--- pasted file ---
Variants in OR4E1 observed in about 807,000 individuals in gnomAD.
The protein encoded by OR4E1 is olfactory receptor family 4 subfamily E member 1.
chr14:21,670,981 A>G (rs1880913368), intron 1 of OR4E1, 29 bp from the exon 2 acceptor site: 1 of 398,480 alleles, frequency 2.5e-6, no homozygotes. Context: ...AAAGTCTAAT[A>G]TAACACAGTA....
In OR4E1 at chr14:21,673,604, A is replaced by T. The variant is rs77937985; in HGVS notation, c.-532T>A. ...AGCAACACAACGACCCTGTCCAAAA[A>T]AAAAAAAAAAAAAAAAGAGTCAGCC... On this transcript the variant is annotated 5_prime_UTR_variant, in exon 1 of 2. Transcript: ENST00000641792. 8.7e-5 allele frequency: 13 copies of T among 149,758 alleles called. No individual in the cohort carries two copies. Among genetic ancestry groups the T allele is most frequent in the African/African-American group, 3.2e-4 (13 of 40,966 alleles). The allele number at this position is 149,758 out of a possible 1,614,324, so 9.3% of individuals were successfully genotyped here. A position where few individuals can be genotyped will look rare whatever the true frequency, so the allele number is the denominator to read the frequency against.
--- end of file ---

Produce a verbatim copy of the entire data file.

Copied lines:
Variants in OR4E1 observed in about 807,000 individuals in gnomAD.
The protein encoded by OR4E1 is olfactory receptor family 4 subfamily E member 1.
chr14:21,670,981 A>G (rs1880913368), intron 1 of OR4E1, 29 bp from the exon 2 acceptor site: 1 of 398,480 alleles, frequency 2.5e-6, no homozygotes. Context: ...AAAGTCTAAT[A>G]TAACACAGTA....
In OR4E1 at chr14:21,673,604, A is replaced by T. The variant is rs77937985; in HGVS notation, c.-532T>A. ...AGCAACACAACGACCCTGTCCAAAA[A>T]AAAAAAAAAAAAAAAAGAGTCAGCC... On this transcript the variant is annotated 5_prime_UTR_variant, in exon 1 of 2. Transcript: ENST00000641792. 8.7e-5 allele frequency: 13 copies of T among 149,758 alleles called. No individual in the cohort carries two copies. Among genetic ancestry groups the T allele is most frequent in the African/African-American group, 3.2e-4 (13 of 40,966 alleles). The allele number at this position is 149,758 out of a possible 1,614,324, so 9.3% of individuals were successfully genotyped here. A position where few individuals can be genotyped will look rare whatever the true frequency, so the allele number is the denominator to read the frequency against.